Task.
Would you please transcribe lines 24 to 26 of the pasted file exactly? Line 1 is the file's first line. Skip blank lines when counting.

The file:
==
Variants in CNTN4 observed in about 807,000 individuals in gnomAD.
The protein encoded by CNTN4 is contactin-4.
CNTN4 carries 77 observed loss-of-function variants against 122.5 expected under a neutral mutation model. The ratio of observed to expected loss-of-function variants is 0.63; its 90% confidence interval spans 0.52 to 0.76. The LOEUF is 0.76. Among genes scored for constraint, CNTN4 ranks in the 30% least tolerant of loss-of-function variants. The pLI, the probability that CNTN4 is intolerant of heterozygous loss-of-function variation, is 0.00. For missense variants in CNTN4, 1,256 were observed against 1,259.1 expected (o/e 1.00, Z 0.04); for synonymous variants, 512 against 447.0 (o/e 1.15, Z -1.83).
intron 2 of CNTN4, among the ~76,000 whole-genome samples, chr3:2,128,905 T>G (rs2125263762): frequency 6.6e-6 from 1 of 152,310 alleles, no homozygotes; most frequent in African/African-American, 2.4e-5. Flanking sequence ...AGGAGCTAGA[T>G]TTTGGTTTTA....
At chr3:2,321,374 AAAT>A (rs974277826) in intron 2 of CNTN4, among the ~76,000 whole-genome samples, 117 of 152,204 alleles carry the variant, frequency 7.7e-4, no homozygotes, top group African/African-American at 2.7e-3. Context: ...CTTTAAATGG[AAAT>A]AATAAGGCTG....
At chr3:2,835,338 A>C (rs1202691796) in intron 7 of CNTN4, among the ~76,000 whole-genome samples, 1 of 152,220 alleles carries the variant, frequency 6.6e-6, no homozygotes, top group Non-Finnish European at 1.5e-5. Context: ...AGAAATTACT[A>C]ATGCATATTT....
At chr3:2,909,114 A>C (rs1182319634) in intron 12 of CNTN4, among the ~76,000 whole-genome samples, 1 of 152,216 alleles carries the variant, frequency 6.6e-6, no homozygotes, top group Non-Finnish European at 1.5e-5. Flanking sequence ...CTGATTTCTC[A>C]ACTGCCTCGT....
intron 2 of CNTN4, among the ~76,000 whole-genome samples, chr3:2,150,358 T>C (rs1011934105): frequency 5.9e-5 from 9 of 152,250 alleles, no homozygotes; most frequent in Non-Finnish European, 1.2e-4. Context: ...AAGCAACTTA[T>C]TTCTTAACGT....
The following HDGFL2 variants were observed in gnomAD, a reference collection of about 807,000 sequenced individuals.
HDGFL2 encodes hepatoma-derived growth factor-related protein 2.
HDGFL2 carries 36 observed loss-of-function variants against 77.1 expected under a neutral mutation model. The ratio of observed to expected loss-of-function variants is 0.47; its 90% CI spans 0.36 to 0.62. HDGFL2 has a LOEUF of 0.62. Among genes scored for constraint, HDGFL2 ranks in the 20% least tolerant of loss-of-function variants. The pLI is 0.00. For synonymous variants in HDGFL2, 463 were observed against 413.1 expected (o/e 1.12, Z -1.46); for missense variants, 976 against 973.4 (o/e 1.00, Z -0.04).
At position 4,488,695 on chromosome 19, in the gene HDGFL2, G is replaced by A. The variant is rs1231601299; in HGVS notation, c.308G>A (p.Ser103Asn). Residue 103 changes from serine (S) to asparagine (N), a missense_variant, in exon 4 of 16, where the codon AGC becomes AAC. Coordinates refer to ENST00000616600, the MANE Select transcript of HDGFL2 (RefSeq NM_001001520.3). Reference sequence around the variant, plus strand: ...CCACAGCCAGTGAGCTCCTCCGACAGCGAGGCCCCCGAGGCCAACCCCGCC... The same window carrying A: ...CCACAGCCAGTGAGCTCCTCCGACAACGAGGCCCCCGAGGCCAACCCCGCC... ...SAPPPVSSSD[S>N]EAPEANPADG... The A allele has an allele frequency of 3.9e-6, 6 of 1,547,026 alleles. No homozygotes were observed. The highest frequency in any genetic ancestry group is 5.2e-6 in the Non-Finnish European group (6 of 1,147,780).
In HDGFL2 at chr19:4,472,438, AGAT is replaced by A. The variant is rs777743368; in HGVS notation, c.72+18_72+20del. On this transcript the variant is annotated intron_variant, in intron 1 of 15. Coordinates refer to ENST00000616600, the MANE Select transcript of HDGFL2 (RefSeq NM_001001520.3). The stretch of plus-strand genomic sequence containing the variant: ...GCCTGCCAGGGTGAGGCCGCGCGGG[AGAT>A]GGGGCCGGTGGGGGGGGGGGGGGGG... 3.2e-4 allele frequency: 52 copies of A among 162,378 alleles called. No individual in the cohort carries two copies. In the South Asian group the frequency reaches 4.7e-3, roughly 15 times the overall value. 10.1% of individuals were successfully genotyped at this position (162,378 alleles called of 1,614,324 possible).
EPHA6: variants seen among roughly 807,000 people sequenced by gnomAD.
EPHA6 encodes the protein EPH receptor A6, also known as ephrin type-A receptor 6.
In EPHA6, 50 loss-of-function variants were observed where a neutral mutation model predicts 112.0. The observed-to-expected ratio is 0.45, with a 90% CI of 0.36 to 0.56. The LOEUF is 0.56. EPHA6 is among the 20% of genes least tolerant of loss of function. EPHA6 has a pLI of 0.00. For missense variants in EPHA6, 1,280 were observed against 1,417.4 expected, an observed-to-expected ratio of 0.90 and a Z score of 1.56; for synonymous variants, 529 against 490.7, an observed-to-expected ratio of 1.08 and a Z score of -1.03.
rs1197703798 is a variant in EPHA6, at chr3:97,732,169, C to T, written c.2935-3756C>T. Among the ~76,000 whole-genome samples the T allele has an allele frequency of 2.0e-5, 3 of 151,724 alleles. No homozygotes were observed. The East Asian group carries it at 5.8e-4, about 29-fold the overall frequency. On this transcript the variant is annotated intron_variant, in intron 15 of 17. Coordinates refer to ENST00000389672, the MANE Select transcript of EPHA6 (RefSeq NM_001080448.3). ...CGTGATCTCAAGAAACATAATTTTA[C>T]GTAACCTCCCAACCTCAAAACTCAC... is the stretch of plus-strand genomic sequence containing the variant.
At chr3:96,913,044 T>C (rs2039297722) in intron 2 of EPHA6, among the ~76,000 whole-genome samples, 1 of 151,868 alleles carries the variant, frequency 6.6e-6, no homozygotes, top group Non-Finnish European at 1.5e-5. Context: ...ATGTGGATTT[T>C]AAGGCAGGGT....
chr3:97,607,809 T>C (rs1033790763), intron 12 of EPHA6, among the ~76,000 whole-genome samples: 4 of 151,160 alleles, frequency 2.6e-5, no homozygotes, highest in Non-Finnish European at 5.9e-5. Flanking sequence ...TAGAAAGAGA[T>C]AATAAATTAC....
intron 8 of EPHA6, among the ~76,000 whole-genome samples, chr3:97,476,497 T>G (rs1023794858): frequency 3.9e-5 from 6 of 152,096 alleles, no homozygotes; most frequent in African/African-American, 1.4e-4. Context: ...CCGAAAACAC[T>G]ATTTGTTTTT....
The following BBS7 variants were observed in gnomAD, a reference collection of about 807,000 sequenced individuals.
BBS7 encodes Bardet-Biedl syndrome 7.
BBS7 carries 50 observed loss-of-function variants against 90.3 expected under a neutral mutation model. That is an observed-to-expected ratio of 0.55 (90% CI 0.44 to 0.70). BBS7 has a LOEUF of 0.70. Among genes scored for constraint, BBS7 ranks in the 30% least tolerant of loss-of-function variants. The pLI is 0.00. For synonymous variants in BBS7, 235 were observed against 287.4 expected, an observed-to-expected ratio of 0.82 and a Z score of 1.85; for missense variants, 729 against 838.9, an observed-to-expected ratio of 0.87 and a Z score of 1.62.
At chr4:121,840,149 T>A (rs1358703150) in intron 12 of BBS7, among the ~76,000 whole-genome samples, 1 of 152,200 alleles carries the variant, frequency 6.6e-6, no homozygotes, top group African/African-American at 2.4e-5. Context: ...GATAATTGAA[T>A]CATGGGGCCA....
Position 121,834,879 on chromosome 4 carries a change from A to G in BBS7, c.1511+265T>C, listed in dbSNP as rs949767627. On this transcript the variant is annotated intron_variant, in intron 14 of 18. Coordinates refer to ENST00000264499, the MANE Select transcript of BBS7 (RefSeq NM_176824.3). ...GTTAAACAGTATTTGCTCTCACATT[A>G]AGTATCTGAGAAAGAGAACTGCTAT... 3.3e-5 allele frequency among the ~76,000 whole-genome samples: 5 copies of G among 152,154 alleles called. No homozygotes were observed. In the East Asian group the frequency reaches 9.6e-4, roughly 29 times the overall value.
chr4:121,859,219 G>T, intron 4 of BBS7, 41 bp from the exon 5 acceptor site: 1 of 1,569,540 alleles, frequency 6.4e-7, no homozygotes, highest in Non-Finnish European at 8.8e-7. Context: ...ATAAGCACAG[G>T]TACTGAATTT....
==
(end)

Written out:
At chr4:121,840,149 T>A (rs1358703150) in intron 12 of BBS7, among the ~76,000 whole-genome samples, 1 of 152,200 alleles carries the variant, frequency 6.6e-6, no homozygotes, top group African/African-American at 2.4e-5. Context: ...GATAATTGAA[T>A]CATGGGGCCA....
Position 121,834,879 on chromosome 4 carries a change from A to G in BBS7, c.1511+265T>C, listed in dbSNP as rs949767627. On this transcript the variant is annotated intron_variant, in intron 14 of 18. Coordinates refer to ENST00000264499, the MANE Select transcript of BBS7 (RefSeq NM_176824.3). ...GTTAAACAGTATTTGCTCTCACATT[A>G]AGTATCTGAGAAAGAGAACTGCTAT... 3.3e-5 allele frequency among the ~76,000 whole-genome samples: 5 copies of G among 152,154 alleles called. No homozygotes were observed. In the East Asian group the frequency reaches 9.6e-4, roughly 29 times the overall value.
chr4:121,859,219 G>T, intron 4 of BBS7, 41 bp from the exon 5 acceptor site: 1 of 1,569,540 alleles, frequency 6.4e-7, no homozygotes, highest in Non-Finnish European at 8.8e-7. Context: ...ATAAGCACAG[G>T]TACTGAATTT....